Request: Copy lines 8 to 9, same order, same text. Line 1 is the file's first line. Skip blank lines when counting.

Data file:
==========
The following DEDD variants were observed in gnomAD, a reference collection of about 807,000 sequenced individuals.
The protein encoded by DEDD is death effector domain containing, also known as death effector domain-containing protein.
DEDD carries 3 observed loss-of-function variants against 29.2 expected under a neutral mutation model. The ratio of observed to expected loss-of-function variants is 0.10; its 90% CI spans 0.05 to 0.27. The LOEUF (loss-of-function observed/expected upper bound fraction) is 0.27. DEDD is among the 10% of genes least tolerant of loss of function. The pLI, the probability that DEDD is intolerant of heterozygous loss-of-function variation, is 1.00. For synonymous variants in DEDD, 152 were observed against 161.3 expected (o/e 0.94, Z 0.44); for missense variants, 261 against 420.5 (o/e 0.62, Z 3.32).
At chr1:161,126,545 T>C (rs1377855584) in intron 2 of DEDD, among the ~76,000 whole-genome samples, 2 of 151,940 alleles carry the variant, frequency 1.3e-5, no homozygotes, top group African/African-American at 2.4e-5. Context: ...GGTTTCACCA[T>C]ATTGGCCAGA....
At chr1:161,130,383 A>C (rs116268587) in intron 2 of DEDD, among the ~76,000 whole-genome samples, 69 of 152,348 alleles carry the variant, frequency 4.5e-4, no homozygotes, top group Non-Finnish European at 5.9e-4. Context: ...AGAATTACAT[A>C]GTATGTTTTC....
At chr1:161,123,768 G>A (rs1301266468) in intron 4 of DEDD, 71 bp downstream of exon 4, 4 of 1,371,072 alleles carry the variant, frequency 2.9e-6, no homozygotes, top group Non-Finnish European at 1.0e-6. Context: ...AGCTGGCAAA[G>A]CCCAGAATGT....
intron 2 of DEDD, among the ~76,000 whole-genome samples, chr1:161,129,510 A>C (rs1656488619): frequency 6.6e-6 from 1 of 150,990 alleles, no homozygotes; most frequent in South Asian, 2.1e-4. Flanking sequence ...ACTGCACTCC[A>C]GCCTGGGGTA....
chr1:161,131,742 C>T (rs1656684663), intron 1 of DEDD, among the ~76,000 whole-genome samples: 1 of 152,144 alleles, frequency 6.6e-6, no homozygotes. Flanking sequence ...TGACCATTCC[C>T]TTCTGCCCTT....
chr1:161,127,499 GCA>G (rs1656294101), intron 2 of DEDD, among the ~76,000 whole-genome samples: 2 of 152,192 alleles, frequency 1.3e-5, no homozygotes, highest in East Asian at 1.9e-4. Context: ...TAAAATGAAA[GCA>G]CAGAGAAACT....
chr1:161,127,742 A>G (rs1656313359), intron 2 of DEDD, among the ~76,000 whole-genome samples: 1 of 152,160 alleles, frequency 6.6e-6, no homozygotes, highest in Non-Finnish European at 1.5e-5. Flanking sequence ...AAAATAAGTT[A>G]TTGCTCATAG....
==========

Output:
chr1:161,131,742 C>T (rs1656684663), intron 1 of DEDD, among the ~76,000 whole-genome samples: 1 of 152,144 alleles, frequency 6.6e-6, no homozygotes. Flanking sequence ...TGACCATTCC[C>T]TTCTGCCCTT....
chr1:161,127,499 GCA>G (rs1656294101), intron 2 of DEDD, among the ~76,000 whole-genome samples: 2 of 152,192 alleles, frequency 1.3e-5, no homozygotes, highest in East Asian at 1.9e-4. Context: ...TAAAATGAAA[GCA>G]CAGAGAAACT....